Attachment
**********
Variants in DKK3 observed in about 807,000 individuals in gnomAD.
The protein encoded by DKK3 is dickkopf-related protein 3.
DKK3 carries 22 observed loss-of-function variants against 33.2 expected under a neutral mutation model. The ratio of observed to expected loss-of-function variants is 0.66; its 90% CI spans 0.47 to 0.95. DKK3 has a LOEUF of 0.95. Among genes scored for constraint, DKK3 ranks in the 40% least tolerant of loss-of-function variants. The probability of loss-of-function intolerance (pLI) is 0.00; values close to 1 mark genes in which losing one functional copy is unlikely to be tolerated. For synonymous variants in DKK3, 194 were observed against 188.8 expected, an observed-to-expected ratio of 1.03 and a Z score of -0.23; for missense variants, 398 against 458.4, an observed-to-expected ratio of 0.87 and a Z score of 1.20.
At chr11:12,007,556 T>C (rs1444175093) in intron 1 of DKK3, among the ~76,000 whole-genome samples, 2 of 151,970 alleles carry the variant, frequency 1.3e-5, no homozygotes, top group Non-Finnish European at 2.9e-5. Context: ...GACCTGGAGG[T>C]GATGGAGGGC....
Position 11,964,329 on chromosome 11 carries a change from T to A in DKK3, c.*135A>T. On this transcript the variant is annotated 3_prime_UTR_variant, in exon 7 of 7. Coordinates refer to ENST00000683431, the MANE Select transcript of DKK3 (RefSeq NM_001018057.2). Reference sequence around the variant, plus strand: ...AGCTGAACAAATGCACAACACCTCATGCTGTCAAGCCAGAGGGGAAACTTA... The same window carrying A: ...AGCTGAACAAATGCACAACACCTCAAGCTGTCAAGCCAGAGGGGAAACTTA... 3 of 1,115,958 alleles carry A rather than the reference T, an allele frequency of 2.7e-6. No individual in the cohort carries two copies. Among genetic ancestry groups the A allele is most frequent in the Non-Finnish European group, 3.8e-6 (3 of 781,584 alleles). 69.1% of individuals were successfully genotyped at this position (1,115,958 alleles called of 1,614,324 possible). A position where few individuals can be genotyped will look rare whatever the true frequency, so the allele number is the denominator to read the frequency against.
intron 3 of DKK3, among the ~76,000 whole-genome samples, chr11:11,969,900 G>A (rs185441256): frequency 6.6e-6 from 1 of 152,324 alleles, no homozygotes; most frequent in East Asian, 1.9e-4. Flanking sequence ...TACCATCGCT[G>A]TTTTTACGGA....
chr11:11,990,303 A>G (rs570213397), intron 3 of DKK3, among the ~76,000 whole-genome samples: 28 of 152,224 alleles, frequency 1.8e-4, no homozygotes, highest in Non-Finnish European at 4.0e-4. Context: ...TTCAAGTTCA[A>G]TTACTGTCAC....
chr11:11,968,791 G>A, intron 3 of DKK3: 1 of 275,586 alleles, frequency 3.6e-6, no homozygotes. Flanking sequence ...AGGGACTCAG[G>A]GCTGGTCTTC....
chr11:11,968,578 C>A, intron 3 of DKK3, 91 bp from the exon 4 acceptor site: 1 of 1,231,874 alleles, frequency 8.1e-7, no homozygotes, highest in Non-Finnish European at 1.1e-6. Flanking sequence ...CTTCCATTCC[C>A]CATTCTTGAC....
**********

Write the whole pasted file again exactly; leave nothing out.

Variants in DKK3 observed in about 807,000 individuals in gnomAD.
The protein encoded by DKK3 is dickkopf-related protein 3.
DKK3 carries 22 observed loss-of-function variants against 33.2 expected under a neutral mutation model. The ratio of observed to expected loss-of-function variants is 0.66; its 90% CI spans 0.47 to 0.95. DKK3 has a LOEUF of 0.95. Among genes scored for constraint, DKK3 ranks in the 40% least tolerant of loss-of-function variants. The probability of loss-of-function intolerance (pLI) is 0.00; values close to 1 mark genes in which losing one functional copy is unlikely to be tolerated. For synonymous variants in DKK3, 194 were observed against 188.8 expected, an observed-to-expected ratio of 1.03 and a Z score of -0.23; for missense variants, 398 against 458.4, an observed-to-expected ratio of 0.87 and a Z score of 1.20.
At chr11:12,007,556 T>C (rs1444175093) in intron 1 of DKK3, among the ~76,000 whole-genome samples, 2 of 151,970 alleles carry the variant, frequency 1.3e-5, no homozygotes, top group Non-Finnish European at 2.9e-5. Context: ...GACCTGGAGG[T>C]GATGGAGGGC....
Position 11,964,329 on chromosome 11 carries a change from T to A in DKK3, c.*135A>T. On this transcript the variant is annotated 3_prime_UTR_variant, in exon 7 of 7. Coordinates refer to ENST00000683431, the MANE Select transcript of DKK3 (RefSeq NM_001018057.2). Reference sequence around the variant, plus strand: ...AGCTGAACAAATGCACAACACCTCATGCTGTCAAGCCAGAGGGGAAACTTA... The same window carrying A: ...AGCTGAACAAATGCACAACACCTCAAGCTGTCAAGCCAGAGGGGAAACTTA... 3 of 1,115,958 alleles carry A rather than the reference T, an allele frequency of 2.7e-6. No individual in the cohort carries two copies. Among genetic ancestry groups the A allele is most frequent in the Non-Finnish European group, 3.8e-6 (3 of 781,584 alleles). 69.1% of individuals were successfully genotyped at this position (1,115,958 alleles called of 1,614,324 possible). A position where few individuals can be genotyped will look rare whatever the true frequency, so the allele number is the denominator to read the frequency against.
intron 3 of DKK3, among the ~76,000 whole-genome samples, chr11:11,969,900 G>A (rs185441256): frequency 6.6e-6 from 1 of 152,324 alleles, no homozygotes; most frequent in East Asian, 1.9e-4. Flanking sequence ...TACCATCGCT[G>A]TTTTTACGGA....
chr11:11,990,303 A>G (rs570213397), intron 3 of DKK3, among the ~76,000 whole-genome samples: 28 of 152,224 alleles, frequency 1.8e-4, no homozygotes, highest in Non-Finnish European at 4.0e-4. Context: ...TTCAAGTTCA[A>G]TTACTGTCAC....
chr11:11,968,791 G>A, intron 3 of DKK3: 1 of 275,586 alleles, frequency 3.6e-6, no homozygotes. Flanking sequence ...AGGGACTCAG[G>A]GCTGGTCTTC....
chr11:11,968,578 C>A, intron 3 of DKK3, 91 bp from the exon 4 acceptor site: 1 of 1,231,874 alleles, frequency 8.1e-7, no homozygotes, highest in Non-Finnish European at 1.1e-6. Flanking sequence ...CTTCCATTCC[C>A]CATTCTTGAC....